If the release of Spectre, the latest movie in the 007 franchise, has got you thirsting for a martini, then London is the place to be. The British capital is in the grip of cocktail fever, and drinks both traditional and innovative can be found on nearly every menu. We take a tour of bars we know James Bond would appreciate after a long, hard day of saving the world.
Ian Fleming, the author of the novel series on which the Bond movies are based, used to frequent the bar at the prestigious Forbes Travel Guide Four-Star Dukes hotel in Mayfair. Legend has it that it was here that he got the inspiration for the “shaken, not stirred” line. Martinis at Dukes Bar are served in a style that the spy himself would surely applaud: a trolley of spirits is wheeled over, your drink made right at your table. Bar manager Alessandro Palazzi’s latest Bond-themed creation is the Fleming 89, a martini designed to complement No. 89 eau de toilette from London-based perfumery Floris, the fragrance worn by James Bond himself.
Bond usually likes his martinis a certain way, but he’s not necessarily a stickler. In Spectre, for instance, he’s happy to drink the dirty martini that Madeleine Swann (actress Léa Seydoux) orders for him on their action-packed train journey across Morocco. So, we’re sure he’d approve of cool East London bar White Lyan’s innovative take on the drink, the Bone Dry Martini. The spot’s own British-made vodka is combined with a tincture produced from actual chicken bones, cleaned of all meat and broken down with phosphoric acid to create a rich and complex flavor for the drink.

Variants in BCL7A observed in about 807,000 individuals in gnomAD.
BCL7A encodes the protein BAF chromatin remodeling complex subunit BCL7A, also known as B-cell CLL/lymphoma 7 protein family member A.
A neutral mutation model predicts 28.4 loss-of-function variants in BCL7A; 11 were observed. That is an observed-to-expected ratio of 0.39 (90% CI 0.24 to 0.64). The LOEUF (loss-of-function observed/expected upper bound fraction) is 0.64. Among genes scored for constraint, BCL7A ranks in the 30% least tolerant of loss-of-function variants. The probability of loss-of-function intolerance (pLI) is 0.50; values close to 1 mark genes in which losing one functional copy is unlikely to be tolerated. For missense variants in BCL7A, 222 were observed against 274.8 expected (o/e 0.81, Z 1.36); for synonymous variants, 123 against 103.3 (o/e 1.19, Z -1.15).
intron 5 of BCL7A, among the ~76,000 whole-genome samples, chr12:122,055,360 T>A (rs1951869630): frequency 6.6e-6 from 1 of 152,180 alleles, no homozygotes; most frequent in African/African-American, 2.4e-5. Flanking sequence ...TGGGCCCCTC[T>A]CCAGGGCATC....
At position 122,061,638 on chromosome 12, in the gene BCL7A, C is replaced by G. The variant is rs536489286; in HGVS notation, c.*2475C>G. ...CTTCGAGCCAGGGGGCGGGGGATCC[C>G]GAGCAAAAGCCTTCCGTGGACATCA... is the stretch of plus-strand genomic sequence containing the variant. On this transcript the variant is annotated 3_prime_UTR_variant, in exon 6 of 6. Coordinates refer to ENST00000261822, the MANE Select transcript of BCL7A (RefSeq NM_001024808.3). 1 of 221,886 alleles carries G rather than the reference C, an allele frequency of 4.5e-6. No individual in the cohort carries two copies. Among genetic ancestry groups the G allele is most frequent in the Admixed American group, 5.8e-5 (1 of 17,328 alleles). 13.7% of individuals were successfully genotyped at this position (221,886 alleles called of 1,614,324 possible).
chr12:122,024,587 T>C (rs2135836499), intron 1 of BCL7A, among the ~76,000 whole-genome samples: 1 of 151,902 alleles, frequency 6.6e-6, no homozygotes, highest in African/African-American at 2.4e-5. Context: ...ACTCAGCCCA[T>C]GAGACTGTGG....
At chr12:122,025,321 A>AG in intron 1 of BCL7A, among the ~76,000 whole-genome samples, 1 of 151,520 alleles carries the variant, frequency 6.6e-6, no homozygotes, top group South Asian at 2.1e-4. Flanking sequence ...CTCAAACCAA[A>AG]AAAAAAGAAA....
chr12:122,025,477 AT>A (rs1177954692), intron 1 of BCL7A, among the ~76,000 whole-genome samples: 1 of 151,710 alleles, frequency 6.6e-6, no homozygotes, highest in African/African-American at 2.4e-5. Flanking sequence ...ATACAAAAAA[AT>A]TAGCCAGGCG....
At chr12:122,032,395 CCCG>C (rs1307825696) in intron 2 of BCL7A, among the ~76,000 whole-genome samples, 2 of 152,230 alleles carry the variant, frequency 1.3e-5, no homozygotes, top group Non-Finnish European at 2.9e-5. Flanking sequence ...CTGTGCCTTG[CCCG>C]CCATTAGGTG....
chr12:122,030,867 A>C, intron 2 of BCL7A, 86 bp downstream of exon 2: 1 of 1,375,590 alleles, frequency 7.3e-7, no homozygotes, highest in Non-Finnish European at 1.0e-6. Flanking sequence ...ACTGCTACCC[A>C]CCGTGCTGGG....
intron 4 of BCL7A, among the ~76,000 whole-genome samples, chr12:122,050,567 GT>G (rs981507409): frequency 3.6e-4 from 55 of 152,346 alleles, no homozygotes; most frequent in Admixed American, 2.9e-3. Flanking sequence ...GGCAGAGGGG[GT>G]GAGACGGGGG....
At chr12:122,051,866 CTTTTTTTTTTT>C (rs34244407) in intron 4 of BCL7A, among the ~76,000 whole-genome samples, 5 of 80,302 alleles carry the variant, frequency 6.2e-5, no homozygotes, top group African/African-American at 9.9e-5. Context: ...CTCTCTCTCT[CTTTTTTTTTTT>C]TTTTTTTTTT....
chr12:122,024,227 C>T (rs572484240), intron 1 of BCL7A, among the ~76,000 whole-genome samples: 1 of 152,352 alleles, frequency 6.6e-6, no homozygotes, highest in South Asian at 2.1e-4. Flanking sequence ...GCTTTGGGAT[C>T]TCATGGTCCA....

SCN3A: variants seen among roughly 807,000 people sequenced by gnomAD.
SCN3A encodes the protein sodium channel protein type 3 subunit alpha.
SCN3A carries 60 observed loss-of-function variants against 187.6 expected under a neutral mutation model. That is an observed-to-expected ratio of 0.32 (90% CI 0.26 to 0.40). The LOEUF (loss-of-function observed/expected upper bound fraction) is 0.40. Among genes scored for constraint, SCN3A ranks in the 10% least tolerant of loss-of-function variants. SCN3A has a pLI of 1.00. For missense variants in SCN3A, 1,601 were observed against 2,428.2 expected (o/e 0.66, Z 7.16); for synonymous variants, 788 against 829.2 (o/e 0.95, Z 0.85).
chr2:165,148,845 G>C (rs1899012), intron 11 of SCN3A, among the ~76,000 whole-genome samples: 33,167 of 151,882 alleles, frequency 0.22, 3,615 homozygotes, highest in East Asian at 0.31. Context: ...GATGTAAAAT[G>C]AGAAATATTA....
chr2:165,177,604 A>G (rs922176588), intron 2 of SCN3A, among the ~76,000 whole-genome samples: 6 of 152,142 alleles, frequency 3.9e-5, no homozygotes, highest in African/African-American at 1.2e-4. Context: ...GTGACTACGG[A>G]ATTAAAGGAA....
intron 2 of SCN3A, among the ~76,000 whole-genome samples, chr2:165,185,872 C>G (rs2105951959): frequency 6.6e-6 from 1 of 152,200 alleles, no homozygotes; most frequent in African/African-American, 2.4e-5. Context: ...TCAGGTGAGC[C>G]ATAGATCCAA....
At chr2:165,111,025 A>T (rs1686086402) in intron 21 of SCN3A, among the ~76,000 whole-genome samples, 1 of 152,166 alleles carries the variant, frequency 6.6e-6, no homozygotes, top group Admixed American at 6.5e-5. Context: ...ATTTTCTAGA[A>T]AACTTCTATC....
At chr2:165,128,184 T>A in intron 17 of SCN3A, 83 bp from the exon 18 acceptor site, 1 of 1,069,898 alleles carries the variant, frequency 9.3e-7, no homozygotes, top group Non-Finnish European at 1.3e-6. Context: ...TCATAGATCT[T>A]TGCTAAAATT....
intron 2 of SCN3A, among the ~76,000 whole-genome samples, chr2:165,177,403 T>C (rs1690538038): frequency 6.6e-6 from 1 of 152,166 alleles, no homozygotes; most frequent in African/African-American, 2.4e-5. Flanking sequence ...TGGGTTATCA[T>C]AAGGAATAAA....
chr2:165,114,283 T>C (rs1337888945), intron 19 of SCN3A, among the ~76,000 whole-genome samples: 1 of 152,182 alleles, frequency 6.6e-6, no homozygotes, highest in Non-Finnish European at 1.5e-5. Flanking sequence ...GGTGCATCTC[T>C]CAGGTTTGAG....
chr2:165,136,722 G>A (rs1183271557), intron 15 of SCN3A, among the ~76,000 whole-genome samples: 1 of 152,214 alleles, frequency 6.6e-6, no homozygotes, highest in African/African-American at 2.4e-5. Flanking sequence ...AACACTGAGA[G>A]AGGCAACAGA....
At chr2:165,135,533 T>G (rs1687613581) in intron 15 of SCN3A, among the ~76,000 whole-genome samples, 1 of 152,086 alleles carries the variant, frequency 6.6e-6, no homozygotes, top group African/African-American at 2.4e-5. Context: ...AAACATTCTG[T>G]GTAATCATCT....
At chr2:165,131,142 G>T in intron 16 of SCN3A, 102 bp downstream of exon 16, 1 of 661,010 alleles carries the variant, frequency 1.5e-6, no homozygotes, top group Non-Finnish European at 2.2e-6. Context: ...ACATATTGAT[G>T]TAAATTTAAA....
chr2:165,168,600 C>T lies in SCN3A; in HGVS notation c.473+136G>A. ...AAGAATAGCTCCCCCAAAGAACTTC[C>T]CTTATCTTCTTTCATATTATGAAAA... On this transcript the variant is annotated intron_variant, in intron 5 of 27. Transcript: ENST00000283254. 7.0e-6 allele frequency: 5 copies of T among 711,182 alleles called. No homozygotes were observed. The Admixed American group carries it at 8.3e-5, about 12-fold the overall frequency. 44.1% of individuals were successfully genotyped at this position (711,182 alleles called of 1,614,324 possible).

If it was 007 who made the martini famous around the world, it was the American Bar at Five-Star hotel The Savoy that first popularized it in the UK. As Prohibition began in the United States, Harry Craddock, a Brit who had become one of New York City’s best-known barmen, returned to London and got a job at The Savoy. He was soon promoted to head bartender, a position where he wowed the English with his American cocktail-making ways. In 1930, he published The Savoy Cocktail Book, formalizing the recipe for the dry martini for generations to come.